While summer nights are often synonymous with romance and partying, it’s also associated with night-long tossing and turning in bed. With shorter nights and high temperatures playing a major factor, many people have a difficult time getting a restful night’s sleep. Luckily, there are ways to work around the heat with tips to help you fall asleep faster.
According to sleep coach Beth Wyatt, the ultimate goal is to prepare for sleep long before bedtime.
"Thinking about tonight’s sleep as an extension of your day will make you more mindful of how your choices might affect your sleep later,” she explains. "We put a lot of pressure on ourselves to fall asleep as soon as our head hits the pillow, but most of us need time to let ourselves unwind.”
To help you prepare for a restorative and valuable seven to eight hours of sleep, Wyatt walks us through some tips to help improve your sleep this summer.
If you like to have a hot drink before bed, keep it decaffeinated
Caffeinated drinks like coffee and soda can stay in your system for hours. A good rule of thumb is to avoid caffeine after 2 p.m. to avoid impacting the various stages of sleep. But if you like to enjoy a hot drink right after dinner, Wyatt suggests having herbal tea with honey.
“One teaspoon of honey is enough to stimulate the release of Melatonin in the brain,” she says.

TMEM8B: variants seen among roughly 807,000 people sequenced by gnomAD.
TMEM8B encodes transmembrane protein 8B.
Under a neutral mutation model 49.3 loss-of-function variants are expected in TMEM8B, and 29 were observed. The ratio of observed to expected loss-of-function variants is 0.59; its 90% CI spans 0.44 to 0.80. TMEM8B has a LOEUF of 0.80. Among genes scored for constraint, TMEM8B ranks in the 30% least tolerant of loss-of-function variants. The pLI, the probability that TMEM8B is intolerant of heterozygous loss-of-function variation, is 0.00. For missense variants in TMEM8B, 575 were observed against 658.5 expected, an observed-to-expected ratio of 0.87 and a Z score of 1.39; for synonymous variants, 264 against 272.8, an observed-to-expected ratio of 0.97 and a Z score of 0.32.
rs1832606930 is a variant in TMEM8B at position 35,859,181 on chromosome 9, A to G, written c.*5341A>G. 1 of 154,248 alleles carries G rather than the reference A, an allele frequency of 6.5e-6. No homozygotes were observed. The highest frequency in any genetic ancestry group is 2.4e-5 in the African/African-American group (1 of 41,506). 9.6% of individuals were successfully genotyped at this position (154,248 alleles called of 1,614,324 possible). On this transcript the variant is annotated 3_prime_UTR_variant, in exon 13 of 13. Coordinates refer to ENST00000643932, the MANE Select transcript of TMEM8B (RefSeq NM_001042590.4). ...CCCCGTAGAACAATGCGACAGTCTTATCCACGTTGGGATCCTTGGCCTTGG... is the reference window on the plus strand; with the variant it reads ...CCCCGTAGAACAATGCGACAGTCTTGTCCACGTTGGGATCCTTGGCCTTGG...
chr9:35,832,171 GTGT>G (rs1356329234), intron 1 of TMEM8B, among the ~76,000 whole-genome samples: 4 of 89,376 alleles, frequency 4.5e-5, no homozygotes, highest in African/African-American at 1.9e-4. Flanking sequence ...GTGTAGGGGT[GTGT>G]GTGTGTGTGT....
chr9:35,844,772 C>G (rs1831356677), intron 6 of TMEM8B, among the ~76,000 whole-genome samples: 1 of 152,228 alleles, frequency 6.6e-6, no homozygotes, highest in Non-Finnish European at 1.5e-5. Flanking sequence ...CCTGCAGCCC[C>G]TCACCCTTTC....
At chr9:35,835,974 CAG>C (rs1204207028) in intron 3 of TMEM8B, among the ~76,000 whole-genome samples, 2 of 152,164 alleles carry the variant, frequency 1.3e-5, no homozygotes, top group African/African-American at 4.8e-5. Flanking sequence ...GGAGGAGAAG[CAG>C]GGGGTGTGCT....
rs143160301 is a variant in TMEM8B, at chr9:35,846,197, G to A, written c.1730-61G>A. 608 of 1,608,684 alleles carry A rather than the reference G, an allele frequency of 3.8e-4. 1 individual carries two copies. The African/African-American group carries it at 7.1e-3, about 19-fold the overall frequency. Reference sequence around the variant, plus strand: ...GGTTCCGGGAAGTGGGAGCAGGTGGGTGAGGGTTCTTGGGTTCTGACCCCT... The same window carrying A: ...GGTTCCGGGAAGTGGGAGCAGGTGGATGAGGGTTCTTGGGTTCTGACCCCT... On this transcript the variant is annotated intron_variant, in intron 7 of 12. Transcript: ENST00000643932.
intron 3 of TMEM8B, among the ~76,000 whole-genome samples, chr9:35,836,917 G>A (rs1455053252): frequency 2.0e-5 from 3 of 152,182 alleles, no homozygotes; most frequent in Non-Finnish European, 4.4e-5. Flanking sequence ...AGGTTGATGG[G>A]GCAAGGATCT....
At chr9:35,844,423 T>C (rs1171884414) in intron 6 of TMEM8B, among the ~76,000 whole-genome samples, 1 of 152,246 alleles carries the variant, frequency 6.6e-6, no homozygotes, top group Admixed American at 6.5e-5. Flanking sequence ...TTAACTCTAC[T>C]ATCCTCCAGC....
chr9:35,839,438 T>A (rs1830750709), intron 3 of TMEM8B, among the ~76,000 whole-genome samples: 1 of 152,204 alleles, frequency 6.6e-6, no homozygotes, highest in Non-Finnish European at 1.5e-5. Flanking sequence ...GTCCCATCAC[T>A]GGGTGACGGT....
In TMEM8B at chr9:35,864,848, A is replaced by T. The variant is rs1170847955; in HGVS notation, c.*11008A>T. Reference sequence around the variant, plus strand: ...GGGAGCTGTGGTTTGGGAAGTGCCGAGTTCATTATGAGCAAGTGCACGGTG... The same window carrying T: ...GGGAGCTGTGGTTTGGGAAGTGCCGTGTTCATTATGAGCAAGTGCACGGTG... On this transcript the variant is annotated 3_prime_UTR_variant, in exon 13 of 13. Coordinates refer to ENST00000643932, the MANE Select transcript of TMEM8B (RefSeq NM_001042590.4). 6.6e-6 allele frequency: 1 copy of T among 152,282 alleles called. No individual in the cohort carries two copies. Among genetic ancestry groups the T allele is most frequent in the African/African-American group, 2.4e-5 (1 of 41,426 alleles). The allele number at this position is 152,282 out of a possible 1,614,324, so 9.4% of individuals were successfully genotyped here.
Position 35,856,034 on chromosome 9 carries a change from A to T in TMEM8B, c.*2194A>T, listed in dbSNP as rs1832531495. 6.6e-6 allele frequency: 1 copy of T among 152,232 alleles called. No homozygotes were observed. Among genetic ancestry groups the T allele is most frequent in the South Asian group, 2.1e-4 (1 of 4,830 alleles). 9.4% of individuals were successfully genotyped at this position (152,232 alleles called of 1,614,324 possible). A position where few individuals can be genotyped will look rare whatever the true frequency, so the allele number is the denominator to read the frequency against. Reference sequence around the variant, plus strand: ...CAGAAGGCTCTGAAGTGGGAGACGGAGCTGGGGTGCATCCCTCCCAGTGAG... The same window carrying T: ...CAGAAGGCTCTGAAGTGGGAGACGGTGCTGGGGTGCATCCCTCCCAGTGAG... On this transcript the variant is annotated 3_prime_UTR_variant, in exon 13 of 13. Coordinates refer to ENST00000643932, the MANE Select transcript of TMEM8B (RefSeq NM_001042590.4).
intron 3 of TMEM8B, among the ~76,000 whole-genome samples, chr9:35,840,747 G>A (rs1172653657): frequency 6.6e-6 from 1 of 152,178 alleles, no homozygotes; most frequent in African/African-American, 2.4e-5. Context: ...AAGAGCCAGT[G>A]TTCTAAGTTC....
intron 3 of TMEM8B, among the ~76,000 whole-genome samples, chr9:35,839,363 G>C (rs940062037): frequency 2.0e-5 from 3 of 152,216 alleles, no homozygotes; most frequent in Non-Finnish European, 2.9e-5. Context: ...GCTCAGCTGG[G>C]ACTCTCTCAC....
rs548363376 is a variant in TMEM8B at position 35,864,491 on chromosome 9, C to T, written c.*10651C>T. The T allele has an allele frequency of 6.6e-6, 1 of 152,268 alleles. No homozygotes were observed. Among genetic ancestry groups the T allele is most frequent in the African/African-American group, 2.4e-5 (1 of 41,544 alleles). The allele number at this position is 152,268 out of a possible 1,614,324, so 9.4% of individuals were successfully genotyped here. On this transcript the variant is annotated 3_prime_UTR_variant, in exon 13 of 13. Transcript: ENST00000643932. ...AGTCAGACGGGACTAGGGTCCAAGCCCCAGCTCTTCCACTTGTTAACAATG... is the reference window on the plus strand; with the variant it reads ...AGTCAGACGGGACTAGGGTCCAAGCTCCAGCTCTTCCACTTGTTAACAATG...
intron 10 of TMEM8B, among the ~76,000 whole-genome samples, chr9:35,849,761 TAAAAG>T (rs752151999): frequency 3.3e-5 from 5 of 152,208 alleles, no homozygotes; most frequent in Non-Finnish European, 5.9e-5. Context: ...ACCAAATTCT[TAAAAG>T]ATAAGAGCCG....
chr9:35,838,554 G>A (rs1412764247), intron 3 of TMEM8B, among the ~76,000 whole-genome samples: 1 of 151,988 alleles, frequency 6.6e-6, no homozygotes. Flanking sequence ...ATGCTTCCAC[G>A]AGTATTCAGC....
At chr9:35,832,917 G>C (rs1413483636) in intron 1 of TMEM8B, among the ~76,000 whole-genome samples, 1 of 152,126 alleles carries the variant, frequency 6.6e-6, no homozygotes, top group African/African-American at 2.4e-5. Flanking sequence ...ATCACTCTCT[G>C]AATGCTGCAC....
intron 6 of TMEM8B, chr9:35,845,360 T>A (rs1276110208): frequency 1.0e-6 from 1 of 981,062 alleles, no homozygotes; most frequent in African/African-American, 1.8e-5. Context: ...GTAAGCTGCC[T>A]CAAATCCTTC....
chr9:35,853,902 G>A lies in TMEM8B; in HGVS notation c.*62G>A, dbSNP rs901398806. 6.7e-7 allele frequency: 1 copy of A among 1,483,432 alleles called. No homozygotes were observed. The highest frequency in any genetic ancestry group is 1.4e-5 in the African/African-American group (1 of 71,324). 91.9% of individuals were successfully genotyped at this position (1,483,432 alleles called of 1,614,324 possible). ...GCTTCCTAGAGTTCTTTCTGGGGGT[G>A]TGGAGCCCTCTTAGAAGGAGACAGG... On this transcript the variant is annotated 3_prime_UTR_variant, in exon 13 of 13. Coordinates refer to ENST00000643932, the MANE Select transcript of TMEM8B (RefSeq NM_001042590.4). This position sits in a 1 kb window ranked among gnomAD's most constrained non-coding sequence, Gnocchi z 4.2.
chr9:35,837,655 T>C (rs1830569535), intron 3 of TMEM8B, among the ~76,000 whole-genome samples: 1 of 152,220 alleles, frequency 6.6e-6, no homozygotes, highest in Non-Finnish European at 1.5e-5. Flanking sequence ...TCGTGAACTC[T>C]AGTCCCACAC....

Create a playlist
Listening to slow, quiet music can have a relaxing effect on our minds and bodies. It slows the pulse and heart rate, lowering blood pressure, and decreasing levels of stress hormones.
Limit the use of electronics at least an hour before bed
The blue light from screens slows down the melatonin production in our bodies and prevents the signal from the brain that tells our bodies it’s time to sleep. If you absolutely must use your smartphone or laptop close to bedtime, Wyatt suggests to download a red light filter app to soften the screen and keep your eyes (and brain!) safe from harmful junk light.
Read a ‘real’ book.
Reading a book is a long-time, proven method that helps your mind unwind before sleep. According to Wyatt, just six minutes of reading instantly reduces stress levels by more than two thirds. Read a real book and not a tablet as electronic screens slow down the release of melatonin.
Create a peaceful sleep space.
Your bedroom should be a haven. Keep it as dark as possible by using blackout curtains and eliminating all light, no matter how small. Keep your sleep space clear from clutter. Wyatt also encourages filling your bedroom with comforting decor. We suggest pretty beddings, decorative pillows and candles!
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Make your bed the coziest
Your bed should be most inviting place.
“When you get into your bed, let your body sink into the mattress, breathe deeply and slowly, and enjoy the moment,” Wyatt advises.
If you notice your sleep is becoming less restorative, it could be time to invest in a new mattress. Experts suggests changing your mattress every seven to 12 years.
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